A new study has suggested that sugar-sweetened beverages may raise the risk of gout in women. Hyon Choi, et al., “Fructose-Rich Beverages and Risk of Gout in Women,” The Journal of the American Medical Association, November 10, 2010. Boston University and Harvard researchers examined data on nearly 79,000 U.S. women with no history of gout who participated in the 22-year Nurses’ Health Study.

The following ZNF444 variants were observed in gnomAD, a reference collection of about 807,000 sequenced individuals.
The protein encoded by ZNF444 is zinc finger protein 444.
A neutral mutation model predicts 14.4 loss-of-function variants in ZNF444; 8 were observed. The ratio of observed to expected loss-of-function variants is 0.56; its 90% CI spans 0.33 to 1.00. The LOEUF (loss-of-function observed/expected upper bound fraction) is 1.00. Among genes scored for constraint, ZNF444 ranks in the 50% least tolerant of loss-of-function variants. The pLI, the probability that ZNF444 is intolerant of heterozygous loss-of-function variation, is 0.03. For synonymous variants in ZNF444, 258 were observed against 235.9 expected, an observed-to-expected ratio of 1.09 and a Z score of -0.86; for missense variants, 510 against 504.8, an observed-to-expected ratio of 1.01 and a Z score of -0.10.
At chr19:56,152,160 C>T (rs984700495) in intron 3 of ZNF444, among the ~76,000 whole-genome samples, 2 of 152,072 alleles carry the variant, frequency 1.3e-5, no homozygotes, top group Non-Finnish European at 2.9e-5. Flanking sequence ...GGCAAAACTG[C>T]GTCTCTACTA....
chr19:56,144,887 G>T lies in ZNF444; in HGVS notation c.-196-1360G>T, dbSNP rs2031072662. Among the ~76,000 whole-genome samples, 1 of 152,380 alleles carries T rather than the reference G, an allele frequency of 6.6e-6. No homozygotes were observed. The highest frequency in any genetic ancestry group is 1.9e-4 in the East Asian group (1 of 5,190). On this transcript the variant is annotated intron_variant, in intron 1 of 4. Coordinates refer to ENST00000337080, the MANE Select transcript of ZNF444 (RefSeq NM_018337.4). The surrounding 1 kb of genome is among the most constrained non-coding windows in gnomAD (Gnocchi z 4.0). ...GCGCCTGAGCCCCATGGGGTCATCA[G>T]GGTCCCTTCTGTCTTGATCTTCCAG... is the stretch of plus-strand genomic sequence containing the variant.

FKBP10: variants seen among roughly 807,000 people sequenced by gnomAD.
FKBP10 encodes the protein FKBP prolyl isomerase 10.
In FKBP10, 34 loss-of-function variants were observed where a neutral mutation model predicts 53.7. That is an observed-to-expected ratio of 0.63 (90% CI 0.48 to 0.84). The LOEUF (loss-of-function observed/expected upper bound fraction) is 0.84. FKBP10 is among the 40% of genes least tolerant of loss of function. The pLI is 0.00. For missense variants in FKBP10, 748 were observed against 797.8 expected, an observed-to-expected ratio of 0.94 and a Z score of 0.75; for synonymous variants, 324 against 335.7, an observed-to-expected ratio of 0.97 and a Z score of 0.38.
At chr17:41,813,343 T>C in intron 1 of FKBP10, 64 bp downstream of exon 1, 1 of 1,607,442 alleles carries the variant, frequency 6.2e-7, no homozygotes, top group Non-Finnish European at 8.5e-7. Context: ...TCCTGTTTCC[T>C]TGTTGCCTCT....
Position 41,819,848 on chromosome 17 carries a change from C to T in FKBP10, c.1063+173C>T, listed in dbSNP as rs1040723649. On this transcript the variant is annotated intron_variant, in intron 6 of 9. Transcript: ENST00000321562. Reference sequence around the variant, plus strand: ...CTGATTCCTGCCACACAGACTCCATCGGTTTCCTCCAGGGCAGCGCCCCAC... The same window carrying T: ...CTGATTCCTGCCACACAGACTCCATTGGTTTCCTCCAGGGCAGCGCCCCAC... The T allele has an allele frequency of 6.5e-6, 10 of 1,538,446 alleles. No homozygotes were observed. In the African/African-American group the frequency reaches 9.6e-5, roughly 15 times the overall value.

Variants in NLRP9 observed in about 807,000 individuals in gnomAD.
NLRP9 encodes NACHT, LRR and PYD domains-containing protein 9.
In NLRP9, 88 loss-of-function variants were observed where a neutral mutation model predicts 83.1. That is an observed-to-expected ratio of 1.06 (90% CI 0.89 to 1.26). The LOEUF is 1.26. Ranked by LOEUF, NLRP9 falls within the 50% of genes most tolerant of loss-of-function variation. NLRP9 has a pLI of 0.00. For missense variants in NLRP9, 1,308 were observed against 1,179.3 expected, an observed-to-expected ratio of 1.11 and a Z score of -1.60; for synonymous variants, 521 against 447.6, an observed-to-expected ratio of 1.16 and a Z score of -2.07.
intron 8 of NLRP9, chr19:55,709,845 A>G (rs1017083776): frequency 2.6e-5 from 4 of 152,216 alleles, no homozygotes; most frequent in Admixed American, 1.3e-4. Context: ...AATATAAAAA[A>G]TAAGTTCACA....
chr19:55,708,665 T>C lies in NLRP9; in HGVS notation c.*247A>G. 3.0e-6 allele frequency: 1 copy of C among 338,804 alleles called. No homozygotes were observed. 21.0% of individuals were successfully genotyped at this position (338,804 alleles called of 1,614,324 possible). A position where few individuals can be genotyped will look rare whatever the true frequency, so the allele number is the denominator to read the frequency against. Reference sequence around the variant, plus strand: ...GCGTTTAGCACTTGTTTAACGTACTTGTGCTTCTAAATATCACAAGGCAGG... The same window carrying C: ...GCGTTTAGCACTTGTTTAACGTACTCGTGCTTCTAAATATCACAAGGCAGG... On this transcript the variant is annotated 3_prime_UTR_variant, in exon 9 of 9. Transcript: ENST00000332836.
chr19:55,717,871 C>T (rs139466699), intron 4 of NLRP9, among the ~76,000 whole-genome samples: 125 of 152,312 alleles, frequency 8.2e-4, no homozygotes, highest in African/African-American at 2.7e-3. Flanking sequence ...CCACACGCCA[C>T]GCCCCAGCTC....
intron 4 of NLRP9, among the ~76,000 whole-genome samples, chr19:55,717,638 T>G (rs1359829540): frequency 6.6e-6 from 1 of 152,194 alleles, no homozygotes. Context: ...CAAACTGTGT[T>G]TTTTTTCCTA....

Compared to women who drank less than one serving of sugary beverages or orange juice per month, the study found that women who drank (i) one serving of sweetened soft drink per day had a 74 percent increased risk of gout, (ii) at least two servings of sweetened soft drinks per day had more than double the risk of gout; (iii) one serving of orange juice per day were 41 percent more likely to develop gout; and (iv) two or more glasses of orange juice per day had more than twice the risk of developing gout. Researchers concluded, however, that although consumption of fructose-rich beverages was associated with an increased risk of gout in women, the risk “is likely modest given the low incidence rate among women.”